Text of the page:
Kellianne O'Brien is a self-taught artist who has exhibited in San Diego, Miami, New York City and the Virgin Islands and internationally in Montreal, Crete, Mallorca, London, Barcelona, Bologna, Florence, Venice, Sicily, Milan and Rome. Kellianne’s artwork has received numerous prestigious awards. Her artwork is in private collections in San Francisco, Miami, Puerto Rico, Barcelona and Milan.
Kellianne began her art career in 1994, mentored by Mona Webb, a celebrated outsider artist who taught students in her home, the Wayhouse of Light, in Madison, Wisconsin. Mona taught Kellianne how to live a spiritually fulfilling life and encouraged her to paint colorfully on a large scale. Since that time, Kellianne has produced a large body of work - abstract paintings, figurative sculpture, pastel works on paper, and seascape photography - which she has promoted and exhibited internationally.
Kellianne O’Brien’s painting and sculpture are born of a spirituality which derives from overcoming a very difficult past. In 1995 she began to experience traumatic emotional difficulties.
While enduring what St. John of the Cross describes as "Dark Nights of the Soul," Kellianne created art that both encouraged and reflected the spiritual awakening through which she healed herself.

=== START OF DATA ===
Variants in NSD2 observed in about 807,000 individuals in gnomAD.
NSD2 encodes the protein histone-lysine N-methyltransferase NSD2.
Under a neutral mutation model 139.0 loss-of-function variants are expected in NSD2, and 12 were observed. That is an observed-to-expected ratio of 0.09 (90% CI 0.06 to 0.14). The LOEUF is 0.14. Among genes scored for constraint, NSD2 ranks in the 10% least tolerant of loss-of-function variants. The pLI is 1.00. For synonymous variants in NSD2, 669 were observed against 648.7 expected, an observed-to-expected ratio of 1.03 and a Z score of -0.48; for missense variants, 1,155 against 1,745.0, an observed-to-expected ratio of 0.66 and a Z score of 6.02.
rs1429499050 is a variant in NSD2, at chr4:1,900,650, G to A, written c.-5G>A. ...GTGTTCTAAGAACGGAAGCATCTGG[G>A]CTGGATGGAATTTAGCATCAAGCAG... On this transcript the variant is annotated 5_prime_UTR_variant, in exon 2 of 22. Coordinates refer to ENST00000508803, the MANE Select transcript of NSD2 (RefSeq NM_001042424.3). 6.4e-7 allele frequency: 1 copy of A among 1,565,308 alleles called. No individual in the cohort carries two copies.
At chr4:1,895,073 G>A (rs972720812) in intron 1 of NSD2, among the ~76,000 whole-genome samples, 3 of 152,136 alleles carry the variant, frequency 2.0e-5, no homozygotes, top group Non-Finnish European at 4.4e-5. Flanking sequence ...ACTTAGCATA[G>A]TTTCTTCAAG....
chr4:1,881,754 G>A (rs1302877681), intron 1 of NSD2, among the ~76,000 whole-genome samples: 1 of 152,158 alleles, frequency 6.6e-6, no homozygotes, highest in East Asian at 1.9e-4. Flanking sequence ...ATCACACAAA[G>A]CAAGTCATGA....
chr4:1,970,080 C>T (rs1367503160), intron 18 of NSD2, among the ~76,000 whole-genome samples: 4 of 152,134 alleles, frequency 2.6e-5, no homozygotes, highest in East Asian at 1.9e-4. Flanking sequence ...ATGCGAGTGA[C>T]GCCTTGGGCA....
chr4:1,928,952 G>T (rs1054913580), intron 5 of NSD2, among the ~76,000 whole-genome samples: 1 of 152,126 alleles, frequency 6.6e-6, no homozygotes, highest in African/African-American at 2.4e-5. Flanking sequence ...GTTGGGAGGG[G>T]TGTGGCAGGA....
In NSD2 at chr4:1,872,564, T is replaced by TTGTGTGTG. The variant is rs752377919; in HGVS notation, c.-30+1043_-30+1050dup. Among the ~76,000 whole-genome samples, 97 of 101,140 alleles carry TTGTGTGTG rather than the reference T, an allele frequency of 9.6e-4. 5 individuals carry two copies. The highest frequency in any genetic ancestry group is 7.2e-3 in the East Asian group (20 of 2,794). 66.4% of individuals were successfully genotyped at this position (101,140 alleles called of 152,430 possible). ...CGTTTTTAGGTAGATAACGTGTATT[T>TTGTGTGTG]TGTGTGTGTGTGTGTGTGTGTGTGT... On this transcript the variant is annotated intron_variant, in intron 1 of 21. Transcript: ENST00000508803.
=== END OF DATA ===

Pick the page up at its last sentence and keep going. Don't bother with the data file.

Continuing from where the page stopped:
As an undergraduate student of French and Philosophy, Kellianne spent a year in Nice, France, where she was deeply influenced by the extraordinary beauty and unique light of the Mediterranean. Later, in 1999, she participated in the International Mental Health Network Conference in Ennis, Ireland. She was moved by the colors she saw in the country of her ancestry. Upon returning to the United States, she created a series of paintings that reflected the great beauty of the Irish countryside
Kellianne O’Brien’s paintings, sculpture and photography continue to reflect her inner journey. She says she is grateful for the joy art brings to her life. A deeply spiritual person, Kellianne views making art not only as an act of artistic reverence, but also as passionate expressions of spirituality. One person likened the effect of viewing Kellianne's paintings to “being in a cathedral.”